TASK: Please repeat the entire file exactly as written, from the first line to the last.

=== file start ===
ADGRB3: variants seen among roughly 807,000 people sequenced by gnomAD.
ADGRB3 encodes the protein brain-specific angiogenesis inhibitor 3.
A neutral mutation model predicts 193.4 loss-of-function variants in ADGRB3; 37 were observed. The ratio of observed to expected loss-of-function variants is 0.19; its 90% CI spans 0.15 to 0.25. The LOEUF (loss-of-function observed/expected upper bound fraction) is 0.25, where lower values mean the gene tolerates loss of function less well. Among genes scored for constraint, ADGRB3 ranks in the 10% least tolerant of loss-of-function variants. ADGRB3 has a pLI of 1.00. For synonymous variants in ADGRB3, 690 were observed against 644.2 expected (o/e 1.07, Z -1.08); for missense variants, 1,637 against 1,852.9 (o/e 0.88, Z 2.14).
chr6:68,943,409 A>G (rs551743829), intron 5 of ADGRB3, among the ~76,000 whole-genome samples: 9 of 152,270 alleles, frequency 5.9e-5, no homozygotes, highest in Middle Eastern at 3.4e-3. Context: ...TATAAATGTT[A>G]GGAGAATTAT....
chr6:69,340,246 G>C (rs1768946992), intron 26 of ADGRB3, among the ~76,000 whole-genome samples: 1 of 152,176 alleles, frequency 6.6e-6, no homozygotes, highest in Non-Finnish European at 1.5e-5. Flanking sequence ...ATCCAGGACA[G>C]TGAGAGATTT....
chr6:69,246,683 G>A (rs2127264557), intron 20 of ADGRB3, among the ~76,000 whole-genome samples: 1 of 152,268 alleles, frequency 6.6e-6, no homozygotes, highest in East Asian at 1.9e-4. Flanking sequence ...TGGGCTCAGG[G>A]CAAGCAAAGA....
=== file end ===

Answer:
ADGRB3: variants seen among roughly 807,000 people sequenced by gnomAD.
ADGRB3 encodes the protein brain-specific angiogenesis inhibitor 3.
A neutral mutation model predicts 193.4 loss-of-function variants in ADGRB3; 37 were observed. The ratio of observed to expected loss-of-function variants is 0.19; its 90% CI spans 0.15 to 0.25. The LOEUF (loss-of-function observed/expected upper bound fraction) is 0.25, where lower values mean the gene tolerates loss of function less well. Among genes scored for constraint, ADGRB3 ranks in the 10% least tolerant of loss-of-function variants. ADGRB3 has a pLI of 1.00. For synonymous variants in ADGRB3, 690 were observed against 644.2 expected (o/e 1.07, Z -1.08); for missense variants, 1,637 against 1,852.9 (o/e 0.88, Z 2.14).
chr6:68,943,409 A>G (rs551743829), intron 5 of ADGRB3, among the ~76,000 whole-genome samples: 9 of 152,270 alleles, frequency 5.9e-5, no homozygotes, highest in Middle Eastern at 3.4e-3. Context: ...TATAAATGTT[A>G]GGAGAATTAT....
chr6:69,340,246 G>C (rs1768946992), intron 26 of ADGRB3, among the ~76,000 whole-genome samples: 1 of 152,176 alleles, frequency 6.6e-6, no homozygotes, highest in Non-Finnish European at 1.5e-5. Flanking sequence ...ATCCAGGACA[G>C]TGAGAGATTT....
chr6:69,246,683 G>A (rs2127264557), intron 20 of ADGRB3, among the ~76,000 whole-genome samples: 1 of 152,268 alleles, frequency 6.6e-6, no homozygotes, highest in East Asian at 1.9e-4. Flanking sequence ...TGGGCTCAGG[G>A]CAAGCAAAGA....